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I am a quilter living in Woodbridge, Suffolk who has made quilts since I was a teenager. I also ring bells! Both are great British traditions....I will try to feature some of my antique Welsh and Durham quilts, the quilts I make myself, my quilting activities and also some of my bellringing achievements. Plus as many photos as I can manage. NB: Double click on the photos to see greater detail, then use back button to return to the main page.

Thursday 6 October 2011

Indian Quilts

Recently, I have been reading up on Indian quilts. I have had the book on Ralli Quilts for some time, but recently I bought John Gillow's book on Indian textiles and also Crill's book on the V & A collection of Chintz fabrics. I was able to speak to John at the FOQ. He felt that Rosemary Crill at University of East Anglia in Norwich might be a good person to approach.

As you may remember, I discovered that one of my quilts is the one featured in Plate 49 in Hakes book. John felt that the "Himalayan" of the description would be one of the ten hill towns, and that the quilt was probably the product of missionary work. Apparently there was a magazine at the time for Missionary workers, which could be an interesting archive to look at. Another researcher has also found, in the Rose archives in Farnborough, that this quilt came from Muriel Rose's "Little Shop" in London; also that it was dyed blue in order that it photographed more clearly for the plate in Hake's book. I shall have to follow this lead up as well.

I do have two Ralli quilts, both purchased very inexpensively. This one is made with commercial cottons in bright colours. It measures about 58 x 80 inches. John Gillow states in his book that "they are most probably the influence of British or more likely American female missionaries in the latter part of the nineteenth century. Many of the patterns, such as flying geese, found on Anglo-American quilts are included in Sindhi patchwork quilts."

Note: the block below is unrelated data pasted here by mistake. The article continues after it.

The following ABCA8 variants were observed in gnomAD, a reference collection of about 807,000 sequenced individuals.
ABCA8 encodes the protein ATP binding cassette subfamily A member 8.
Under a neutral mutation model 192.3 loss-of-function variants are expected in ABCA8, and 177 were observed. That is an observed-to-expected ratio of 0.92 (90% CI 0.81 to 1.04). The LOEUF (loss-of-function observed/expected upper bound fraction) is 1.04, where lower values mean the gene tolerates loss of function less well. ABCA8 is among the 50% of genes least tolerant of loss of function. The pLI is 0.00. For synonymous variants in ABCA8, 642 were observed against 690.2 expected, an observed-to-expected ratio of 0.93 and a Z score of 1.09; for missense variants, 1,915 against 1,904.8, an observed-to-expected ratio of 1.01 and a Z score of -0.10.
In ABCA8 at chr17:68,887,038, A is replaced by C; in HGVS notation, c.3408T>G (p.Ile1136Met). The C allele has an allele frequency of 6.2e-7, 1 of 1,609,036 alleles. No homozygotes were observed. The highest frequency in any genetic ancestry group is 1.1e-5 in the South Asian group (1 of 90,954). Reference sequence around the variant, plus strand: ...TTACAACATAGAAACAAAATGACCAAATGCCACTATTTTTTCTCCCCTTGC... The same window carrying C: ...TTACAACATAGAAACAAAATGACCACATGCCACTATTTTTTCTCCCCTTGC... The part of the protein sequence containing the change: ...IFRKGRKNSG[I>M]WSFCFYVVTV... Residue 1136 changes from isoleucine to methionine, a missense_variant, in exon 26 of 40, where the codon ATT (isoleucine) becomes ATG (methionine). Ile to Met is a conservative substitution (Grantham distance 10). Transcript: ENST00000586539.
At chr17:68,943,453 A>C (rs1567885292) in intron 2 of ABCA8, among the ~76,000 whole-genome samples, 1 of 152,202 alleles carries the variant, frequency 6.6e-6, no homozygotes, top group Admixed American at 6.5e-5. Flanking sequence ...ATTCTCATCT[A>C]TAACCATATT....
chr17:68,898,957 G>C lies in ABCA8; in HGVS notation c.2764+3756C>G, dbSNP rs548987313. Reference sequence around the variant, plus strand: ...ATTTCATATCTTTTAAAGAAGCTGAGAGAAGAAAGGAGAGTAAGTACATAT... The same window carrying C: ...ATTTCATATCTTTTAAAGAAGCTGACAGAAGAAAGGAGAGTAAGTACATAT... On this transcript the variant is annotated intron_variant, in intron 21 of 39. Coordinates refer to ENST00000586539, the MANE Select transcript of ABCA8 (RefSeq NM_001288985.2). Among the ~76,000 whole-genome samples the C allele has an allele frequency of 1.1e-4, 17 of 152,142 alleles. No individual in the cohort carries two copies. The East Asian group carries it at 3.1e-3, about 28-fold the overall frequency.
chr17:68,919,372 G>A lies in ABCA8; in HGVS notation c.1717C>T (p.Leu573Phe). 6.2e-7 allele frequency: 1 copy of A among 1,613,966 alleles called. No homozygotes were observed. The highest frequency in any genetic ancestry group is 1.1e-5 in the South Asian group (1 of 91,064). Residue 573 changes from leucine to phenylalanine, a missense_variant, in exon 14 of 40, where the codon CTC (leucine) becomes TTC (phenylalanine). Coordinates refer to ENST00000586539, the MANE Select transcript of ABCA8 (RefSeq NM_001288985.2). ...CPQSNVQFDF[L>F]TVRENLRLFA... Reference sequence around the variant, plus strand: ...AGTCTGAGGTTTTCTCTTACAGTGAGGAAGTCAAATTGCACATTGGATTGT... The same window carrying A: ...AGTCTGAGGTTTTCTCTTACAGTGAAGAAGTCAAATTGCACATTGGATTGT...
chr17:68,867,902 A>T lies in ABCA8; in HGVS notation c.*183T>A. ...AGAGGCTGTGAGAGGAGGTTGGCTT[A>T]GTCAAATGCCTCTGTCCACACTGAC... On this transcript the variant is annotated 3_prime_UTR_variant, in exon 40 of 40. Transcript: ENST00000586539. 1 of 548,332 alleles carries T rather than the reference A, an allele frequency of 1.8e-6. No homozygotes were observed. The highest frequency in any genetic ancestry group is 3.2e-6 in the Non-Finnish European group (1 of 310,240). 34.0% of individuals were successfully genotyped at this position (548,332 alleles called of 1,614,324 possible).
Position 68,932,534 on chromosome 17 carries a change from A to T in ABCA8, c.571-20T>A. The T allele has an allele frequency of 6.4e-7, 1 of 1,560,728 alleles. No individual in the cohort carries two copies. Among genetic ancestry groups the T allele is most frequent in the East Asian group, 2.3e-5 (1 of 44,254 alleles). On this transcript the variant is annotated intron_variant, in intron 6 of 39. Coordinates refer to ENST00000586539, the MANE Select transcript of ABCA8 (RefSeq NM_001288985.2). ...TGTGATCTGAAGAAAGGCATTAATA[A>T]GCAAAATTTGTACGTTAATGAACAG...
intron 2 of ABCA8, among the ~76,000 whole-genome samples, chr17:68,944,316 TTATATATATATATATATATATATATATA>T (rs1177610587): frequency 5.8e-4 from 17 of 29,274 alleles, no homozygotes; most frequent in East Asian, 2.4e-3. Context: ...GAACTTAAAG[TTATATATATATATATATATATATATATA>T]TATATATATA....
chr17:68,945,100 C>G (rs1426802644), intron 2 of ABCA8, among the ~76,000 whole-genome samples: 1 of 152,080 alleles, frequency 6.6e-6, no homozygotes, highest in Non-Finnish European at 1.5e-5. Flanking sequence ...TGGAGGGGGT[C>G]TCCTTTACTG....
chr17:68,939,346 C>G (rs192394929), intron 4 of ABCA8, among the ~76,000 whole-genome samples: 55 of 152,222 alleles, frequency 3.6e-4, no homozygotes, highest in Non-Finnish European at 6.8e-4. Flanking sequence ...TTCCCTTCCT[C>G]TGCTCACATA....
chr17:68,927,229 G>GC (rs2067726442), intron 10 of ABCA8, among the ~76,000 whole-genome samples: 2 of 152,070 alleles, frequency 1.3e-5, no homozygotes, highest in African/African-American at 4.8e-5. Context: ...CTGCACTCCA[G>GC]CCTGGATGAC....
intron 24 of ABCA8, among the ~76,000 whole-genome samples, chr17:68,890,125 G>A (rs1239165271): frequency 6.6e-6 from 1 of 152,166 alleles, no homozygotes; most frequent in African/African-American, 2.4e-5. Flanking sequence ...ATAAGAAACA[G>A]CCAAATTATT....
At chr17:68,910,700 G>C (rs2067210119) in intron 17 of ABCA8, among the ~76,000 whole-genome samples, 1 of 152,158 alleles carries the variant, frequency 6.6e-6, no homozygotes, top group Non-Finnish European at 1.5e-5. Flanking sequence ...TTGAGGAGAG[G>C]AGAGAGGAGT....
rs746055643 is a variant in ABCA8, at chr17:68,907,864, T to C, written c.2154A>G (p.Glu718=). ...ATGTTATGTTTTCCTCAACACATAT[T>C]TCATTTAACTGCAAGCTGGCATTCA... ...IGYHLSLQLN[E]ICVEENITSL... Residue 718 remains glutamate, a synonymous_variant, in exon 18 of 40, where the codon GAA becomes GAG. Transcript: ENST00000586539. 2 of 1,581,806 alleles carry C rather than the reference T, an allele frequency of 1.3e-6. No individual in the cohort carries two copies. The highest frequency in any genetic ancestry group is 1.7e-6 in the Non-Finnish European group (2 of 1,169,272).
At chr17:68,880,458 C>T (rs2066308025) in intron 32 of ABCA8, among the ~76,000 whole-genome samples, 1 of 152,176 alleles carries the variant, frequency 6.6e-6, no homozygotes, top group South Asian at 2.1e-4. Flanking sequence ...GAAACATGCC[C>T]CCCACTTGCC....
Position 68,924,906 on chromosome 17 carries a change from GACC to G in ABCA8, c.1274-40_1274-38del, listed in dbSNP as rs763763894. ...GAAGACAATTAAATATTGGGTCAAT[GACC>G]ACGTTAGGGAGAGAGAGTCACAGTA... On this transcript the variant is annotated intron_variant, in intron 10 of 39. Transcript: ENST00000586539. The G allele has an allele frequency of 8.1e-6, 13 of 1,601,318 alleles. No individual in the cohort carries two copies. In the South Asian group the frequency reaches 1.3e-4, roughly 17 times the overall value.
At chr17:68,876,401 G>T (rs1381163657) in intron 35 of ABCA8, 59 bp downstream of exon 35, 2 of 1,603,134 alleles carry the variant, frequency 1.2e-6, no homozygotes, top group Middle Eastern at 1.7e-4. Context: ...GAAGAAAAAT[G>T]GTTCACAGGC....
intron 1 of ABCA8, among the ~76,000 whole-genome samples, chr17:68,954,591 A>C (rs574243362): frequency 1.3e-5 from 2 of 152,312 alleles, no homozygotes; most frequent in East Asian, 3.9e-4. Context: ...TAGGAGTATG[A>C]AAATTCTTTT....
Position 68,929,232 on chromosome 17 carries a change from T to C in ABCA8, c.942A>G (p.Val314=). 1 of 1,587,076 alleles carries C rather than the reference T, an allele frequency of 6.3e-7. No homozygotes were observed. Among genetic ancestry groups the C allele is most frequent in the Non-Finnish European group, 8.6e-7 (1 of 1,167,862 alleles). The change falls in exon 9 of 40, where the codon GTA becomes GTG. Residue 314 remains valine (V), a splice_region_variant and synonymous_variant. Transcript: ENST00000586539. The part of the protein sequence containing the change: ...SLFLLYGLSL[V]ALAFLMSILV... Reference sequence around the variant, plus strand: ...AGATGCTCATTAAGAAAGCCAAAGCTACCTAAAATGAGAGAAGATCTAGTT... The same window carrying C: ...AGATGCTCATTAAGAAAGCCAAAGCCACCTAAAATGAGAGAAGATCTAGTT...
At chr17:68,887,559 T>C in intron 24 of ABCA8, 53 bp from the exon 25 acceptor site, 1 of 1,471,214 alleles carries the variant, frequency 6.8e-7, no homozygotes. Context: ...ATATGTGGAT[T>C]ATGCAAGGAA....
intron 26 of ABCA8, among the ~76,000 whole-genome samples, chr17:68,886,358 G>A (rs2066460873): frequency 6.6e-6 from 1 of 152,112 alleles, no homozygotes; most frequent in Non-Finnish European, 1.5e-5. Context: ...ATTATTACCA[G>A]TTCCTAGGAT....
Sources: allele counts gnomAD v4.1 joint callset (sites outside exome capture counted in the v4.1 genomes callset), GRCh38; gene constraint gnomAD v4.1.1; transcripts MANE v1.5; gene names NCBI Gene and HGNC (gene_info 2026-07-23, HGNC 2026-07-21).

The edge has a dog tooth edging. The quilting is a straight running stitch. No provenance on this quilt, of course.

Mostly plain cottons but there are one or two prints. The patchwork is a bit hit or miss...the quilt does not lie flat......

...and the quilt is far from square......

I have a second Ralli quilt - this one is a bit more elaborate and in more muted is a long quilt, and this photo shows just one half of the quilt - the seller said that it was vegetable dyed but somehow I doubt it...

Again, mostly squares and triangles, with some dog tooth edging.

The edge has been repaired in some places and the back is worn - a quilt that has seen use....

The dog tooth edging is applied, simply made by clipping a long strip at regular intervals and then turning under the edges and securing with a stitch or two. The quilt seems to have been much brighter originally and has faded with use and exposure to the light....this does not look like a vegetable red dye to me...

The next quilt history occasion is the seminar at Gregynog at the end of the month - then I will hope to get to the V & A to look at the Hake archive. I was also pleased to see a small collection of Canadian Red Cross Quilts at our local quilt show at the weekend - and surprised to learn that Jackie Maxwell has recently moved to Woodbridge. She is part of the Canadian Red Cross Quilt Research Group.


  1. Hi! Greetings from Finland! The quilt is fantastic! I love it! IT's so nice to find toher quilters from different countries! :)

  2. I wish all these quilts could speak and tell us their stories... I hope you can find out more about it, Pippa, especially about the history of the "Himalayan" quilt.